It's Not A Race, It's A Journey

Let's recap:  

First the loss to Loyola Marymount, then the loss to Pepperdine; a 0-2 start to WCC conference play put the Cougars in a deep hole back in January.   Cougar Nation’s faith dwindles.

Following the losses the Cougars rattled off five straight wins and moved up the WCC standings.  Cougar Nation’s faith grows.

An unexpected triple-overtime loss to Portland and a loss to Gonzaga halts the win streak at five and all but destroys BYU’s chances of an at-large tournament bid in March.  Cougar Nation’s faith is crushed.

March 8:  The first day of the West Coast Conference Tournament and BYU’s last attempt to secure a ticket to the NCAA tournament. A win against Loyola Marymount will pit BYU against San Francisco in the semifinals.  A loss will end the postseason bid for BYU.

March 10:  The Cougars dismissed Loyola Marymount with little effort, but a physical San Francisco team lay in store, and with a win; a showdown against WCC powerhouse Gonzaga.

March 11: BYU steps off the Court after having beaten San Francisco in an overtime thriller the previous day; but losing handily to Gonzaga by 11. Dave Rose’s squad just doesn’t have enough left in the tank to secure an automatic bid. The waiting game continues for that elusive NCAA invitation.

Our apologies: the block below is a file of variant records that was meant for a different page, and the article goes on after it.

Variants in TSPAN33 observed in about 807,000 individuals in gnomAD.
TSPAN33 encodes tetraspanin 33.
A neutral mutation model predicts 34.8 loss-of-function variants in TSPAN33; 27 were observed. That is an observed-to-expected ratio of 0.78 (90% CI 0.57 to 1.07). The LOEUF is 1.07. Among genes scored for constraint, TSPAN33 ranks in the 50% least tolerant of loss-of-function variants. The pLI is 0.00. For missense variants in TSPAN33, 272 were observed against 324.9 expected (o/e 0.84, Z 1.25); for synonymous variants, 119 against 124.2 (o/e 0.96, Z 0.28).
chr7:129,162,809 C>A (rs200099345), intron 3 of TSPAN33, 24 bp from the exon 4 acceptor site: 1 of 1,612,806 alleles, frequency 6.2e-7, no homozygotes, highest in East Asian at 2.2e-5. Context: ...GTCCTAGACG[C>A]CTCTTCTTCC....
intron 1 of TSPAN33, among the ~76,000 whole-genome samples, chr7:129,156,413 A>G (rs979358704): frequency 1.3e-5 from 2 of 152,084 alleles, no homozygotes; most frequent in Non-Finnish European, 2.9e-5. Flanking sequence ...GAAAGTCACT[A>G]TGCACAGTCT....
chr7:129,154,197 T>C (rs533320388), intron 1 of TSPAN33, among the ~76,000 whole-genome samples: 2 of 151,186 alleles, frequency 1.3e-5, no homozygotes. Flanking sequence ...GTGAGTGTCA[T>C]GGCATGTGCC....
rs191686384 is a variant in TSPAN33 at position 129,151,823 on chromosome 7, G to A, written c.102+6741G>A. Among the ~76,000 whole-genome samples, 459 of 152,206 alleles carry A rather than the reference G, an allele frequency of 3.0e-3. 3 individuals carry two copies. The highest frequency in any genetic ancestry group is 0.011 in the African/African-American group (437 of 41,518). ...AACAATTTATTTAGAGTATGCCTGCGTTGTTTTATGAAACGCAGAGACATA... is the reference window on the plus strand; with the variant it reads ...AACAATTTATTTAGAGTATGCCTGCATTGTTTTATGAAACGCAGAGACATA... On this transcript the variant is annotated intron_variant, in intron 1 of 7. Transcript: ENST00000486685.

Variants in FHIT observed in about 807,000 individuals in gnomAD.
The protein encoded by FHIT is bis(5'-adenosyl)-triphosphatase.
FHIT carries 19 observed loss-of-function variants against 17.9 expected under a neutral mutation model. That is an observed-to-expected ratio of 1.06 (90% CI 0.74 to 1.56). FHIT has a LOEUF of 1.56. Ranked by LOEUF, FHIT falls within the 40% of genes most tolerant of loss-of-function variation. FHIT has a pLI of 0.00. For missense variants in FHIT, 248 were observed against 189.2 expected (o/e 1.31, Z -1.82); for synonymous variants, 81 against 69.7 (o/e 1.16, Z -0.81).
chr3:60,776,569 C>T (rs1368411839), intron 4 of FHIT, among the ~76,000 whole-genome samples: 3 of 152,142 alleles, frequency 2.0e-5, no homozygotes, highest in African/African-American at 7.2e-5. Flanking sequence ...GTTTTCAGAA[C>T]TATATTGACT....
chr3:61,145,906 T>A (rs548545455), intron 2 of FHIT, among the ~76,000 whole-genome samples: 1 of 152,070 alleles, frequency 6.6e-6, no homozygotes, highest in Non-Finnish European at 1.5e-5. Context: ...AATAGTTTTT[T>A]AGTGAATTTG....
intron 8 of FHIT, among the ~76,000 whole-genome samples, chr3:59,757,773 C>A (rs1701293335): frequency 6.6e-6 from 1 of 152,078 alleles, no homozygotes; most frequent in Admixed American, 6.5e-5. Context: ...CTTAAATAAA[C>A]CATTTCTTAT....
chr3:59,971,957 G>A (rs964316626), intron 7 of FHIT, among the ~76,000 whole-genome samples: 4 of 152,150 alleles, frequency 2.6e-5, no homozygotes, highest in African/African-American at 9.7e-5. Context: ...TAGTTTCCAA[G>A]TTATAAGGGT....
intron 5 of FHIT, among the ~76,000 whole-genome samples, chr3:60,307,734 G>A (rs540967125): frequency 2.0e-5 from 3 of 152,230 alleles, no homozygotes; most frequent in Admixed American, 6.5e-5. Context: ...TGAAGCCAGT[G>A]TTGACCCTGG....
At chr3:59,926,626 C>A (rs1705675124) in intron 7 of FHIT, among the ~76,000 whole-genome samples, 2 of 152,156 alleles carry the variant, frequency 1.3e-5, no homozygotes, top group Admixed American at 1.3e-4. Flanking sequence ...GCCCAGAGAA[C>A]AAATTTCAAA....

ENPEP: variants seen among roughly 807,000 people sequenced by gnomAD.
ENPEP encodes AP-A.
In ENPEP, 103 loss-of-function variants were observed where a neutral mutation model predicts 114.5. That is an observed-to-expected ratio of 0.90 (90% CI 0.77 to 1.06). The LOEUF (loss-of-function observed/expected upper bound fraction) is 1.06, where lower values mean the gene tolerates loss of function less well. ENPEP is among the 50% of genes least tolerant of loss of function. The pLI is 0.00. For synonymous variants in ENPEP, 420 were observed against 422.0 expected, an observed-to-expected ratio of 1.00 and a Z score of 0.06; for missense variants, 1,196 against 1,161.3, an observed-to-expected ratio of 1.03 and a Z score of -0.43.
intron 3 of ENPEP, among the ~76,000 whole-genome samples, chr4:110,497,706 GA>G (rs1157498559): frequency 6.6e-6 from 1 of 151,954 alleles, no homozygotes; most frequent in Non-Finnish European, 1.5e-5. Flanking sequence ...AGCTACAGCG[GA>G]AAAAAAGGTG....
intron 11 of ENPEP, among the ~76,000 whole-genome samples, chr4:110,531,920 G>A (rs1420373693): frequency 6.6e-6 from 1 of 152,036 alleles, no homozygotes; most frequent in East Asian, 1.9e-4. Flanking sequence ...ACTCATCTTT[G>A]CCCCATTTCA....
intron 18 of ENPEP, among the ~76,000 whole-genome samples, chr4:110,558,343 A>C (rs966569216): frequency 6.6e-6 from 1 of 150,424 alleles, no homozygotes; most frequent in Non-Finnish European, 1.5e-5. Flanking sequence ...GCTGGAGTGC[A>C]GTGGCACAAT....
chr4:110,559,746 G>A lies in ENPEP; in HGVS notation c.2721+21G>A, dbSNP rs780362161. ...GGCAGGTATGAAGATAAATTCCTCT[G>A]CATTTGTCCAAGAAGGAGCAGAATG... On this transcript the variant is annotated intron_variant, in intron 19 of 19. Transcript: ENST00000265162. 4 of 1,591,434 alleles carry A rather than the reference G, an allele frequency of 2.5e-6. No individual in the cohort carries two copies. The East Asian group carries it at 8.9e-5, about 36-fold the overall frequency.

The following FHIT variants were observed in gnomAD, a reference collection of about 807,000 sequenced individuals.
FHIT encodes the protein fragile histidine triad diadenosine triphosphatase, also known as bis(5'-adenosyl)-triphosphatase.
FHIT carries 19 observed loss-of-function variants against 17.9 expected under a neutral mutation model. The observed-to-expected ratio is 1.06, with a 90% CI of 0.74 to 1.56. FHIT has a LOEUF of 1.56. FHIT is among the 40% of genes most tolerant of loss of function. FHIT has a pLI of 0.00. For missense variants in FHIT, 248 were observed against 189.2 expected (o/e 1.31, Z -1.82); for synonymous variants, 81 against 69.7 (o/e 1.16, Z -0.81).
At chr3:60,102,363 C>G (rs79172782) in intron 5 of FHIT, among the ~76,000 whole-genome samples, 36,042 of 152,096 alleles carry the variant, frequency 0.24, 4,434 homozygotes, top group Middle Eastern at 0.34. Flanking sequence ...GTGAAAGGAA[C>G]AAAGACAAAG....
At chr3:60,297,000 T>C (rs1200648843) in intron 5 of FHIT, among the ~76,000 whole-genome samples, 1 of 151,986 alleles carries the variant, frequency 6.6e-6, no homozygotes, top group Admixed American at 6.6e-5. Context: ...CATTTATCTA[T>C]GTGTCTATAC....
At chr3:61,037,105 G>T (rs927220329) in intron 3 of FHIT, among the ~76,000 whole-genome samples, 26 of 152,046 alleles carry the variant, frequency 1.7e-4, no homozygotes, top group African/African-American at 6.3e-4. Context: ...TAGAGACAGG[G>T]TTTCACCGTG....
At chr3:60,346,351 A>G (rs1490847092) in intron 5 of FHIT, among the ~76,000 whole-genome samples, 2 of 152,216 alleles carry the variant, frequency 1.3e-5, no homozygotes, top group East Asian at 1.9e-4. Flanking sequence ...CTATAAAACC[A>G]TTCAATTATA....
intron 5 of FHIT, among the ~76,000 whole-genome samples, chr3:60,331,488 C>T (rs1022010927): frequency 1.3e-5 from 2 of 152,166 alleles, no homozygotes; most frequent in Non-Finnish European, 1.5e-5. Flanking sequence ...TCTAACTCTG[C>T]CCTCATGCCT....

Fast-forward to March 17, in the dark theater room of Coach Rose’s private theater sits 12 restless players and their coach. It’s Selection Sunday and BYU’s name hasn’t been called.  

The play in game is announced.  No BYU.

The South Bracket is announced.  No BYU.

The West Bracket is announced.   No BYU.

All but that last flicker of hope remains for the Cougars.

Now to the East Bracket where Oregon the 7 seed will be playing the 10 seed Brigham Young University Cougars!  An invitation to play in the tournament.

For this Cougar basketball team, it was all joy. As the experts projected BYU to be on the bubble right to the end, BYU did just that. With a good showing at the WCC tournament, a great RPI, and strength of schedule; BYU played themselves into the tournament. This BYU squad received an invitation to play in the 2014 NCAA tournament this past Sunday, and the Cougars deserved it.